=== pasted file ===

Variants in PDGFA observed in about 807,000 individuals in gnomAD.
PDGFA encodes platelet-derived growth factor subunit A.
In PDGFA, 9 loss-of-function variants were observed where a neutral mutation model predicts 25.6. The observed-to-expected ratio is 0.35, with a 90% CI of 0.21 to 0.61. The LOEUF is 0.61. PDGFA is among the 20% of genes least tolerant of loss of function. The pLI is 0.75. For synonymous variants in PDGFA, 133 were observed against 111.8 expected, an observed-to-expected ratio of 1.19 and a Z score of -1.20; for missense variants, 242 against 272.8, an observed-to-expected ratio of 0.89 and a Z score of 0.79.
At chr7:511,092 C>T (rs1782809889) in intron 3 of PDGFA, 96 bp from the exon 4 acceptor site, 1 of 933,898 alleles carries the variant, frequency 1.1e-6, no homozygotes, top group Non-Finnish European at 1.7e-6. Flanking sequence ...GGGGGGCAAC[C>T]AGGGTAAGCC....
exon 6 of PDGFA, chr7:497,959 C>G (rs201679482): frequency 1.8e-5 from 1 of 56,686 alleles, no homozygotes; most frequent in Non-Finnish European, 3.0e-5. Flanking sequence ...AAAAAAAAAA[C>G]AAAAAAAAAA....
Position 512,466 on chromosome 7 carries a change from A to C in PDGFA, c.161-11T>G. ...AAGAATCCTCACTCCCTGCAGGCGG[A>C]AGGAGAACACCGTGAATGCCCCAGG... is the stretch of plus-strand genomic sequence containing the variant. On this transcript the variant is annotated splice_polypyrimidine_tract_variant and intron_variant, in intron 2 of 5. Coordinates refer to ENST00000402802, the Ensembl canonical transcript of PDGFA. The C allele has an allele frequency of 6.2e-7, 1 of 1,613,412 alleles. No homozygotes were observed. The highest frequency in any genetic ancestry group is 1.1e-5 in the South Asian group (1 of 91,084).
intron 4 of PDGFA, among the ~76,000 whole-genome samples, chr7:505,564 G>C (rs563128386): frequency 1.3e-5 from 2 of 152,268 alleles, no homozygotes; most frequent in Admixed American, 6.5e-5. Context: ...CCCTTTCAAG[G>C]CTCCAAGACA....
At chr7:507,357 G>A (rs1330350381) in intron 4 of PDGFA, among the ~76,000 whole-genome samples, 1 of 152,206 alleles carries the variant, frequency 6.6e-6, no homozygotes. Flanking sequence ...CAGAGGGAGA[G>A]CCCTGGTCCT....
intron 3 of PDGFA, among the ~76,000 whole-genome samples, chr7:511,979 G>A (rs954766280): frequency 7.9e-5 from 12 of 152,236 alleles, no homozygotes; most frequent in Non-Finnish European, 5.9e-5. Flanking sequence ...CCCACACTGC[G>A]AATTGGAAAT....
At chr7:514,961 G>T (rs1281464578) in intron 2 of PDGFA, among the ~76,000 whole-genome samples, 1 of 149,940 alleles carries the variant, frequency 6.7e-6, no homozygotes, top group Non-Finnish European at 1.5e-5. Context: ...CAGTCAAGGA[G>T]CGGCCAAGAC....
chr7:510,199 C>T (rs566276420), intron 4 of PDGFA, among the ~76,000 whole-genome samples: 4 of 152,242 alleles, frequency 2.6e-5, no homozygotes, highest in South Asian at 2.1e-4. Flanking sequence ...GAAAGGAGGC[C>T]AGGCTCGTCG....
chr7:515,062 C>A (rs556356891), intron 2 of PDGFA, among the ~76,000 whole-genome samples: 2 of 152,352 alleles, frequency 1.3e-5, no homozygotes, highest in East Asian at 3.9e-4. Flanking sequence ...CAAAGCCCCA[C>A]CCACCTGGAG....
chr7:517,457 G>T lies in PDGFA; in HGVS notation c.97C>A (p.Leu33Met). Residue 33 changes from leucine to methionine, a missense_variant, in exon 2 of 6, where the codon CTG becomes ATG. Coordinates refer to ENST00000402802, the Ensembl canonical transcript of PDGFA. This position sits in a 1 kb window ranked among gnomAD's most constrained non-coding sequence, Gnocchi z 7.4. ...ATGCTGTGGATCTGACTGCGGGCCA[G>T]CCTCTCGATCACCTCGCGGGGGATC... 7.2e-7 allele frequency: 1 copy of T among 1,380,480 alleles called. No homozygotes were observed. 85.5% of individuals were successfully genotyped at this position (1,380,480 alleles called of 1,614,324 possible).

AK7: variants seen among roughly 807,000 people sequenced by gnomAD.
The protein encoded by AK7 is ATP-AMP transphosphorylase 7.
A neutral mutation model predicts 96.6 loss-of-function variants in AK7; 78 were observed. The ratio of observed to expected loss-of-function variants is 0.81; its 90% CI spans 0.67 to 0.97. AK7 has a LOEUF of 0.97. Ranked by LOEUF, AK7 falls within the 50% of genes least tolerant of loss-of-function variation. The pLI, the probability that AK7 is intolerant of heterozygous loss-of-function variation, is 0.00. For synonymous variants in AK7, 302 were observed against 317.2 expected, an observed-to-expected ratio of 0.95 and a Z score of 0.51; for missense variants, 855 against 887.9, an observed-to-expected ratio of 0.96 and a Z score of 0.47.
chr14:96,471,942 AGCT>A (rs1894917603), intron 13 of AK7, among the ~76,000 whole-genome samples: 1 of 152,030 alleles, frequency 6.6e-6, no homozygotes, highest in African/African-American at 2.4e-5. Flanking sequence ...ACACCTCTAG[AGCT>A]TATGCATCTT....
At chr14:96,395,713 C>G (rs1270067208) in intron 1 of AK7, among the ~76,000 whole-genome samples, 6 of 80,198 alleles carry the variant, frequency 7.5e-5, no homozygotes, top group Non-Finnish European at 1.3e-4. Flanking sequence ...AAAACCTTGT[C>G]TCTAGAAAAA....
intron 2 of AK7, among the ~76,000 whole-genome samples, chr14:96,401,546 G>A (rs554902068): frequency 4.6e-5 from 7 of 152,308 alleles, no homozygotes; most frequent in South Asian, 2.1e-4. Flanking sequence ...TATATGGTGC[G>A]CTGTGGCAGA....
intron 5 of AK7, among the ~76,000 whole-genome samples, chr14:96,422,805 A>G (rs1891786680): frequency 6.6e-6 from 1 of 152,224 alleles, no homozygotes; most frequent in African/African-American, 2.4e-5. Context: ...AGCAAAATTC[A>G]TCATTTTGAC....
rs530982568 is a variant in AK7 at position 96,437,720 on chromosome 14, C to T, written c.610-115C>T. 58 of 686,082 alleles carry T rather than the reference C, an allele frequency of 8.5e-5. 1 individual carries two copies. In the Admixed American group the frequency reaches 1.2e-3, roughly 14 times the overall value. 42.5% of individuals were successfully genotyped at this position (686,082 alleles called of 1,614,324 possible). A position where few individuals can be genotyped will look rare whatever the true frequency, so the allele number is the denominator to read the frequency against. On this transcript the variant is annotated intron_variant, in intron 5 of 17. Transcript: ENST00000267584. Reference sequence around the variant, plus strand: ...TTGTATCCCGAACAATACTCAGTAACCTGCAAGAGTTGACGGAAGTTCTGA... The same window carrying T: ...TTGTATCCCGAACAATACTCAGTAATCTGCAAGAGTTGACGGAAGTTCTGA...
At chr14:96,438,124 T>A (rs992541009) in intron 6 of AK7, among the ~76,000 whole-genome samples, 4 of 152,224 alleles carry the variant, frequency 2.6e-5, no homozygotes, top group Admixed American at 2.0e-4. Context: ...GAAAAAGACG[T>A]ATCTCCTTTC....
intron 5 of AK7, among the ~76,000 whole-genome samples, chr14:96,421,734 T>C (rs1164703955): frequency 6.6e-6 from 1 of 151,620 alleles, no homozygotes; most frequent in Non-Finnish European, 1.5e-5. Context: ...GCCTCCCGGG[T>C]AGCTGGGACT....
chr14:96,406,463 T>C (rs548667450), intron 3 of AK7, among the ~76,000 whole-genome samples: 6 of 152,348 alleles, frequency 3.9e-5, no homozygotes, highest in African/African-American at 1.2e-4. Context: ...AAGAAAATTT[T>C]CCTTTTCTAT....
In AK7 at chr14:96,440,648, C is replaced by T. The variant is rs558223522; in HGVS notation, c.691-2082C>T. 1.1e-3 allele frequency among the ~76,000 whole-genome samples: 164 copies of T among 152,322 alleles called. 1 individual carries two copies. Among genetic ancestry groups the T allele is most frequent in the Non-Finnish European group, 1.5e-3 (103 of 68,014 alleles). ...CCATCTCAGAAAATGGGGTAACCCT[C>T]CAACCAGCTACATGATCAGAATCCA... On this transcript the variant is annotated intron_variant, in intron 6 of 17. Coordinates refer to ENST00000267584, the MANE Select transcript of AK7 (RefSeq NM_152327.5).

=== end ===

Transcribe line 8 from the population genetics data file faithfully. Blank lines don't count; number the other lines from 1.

At chr7:507,357 G>A (rs1330350381) in intron 4 of PDGFA, among the ~76,000 whole-genome samples, 1 of 152,206 alleles carries the variant, frequency 6.6e-6, no homozygotes. Flanking sequence ...CAGAGGGAGA[G>A]CCCTGGTCCT....